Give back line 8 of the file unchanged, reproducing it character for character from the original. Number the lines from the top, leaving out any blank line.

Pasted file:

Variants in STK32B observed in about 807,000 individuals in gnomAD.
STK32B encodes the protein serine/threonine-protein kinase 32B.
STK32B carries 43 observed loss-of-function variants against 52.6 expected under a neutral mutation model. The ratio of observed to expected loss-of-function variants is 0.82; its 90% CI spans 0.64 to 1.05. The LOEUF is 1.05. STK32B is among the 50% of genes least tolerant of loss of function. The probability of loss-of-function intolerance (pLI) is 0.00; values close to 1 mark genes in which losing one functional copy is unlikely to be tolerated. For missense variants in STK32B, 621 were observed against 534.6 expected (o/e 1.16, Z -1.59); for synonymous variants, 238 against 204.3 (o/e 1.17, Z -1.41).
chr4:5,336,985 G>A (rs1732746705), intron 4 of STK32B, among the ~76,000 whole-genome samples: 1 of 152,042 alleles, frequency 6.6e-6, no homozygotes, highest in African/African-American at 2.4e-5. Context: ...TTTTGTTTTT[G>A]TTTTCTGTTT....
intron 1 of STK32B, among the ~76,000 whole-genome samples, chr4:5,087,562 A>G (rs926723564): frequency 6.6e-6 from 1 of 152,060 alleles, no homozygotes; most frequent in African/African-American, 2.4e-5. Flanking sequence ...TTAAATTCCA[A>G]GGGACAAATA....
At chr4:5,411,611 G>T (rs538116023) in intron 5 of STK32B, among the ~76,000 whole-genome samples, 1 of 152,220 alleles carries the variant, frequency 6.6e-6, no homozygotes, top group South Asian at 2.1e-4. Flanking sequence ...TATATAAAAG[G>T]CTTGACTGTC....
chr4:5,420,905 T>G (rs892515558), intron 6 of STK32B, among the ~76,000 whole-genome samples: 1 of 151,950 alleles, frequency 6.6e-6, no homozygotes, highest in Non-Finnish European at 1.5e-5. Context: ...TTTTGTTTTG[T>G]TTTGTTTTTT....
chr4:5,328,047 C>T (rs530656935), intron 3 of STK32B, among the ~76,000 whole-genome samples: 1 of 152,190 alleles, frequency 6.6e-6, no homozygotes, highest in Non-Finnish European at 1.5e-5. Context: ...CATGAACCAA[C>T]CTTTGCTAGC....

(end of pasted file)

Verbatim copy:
chr4:5,328,047 C>T (rs530656935), intron 3 of STK32B, among the ~76,000 whole-genome samples: 1 of 152,190 alleles, frequency 6.6e-6, no homozygotes, highest in Non-Finnish European at 1.5e-5. Context: ...CATGAACCAA[C>T]CTTTGCTAGC....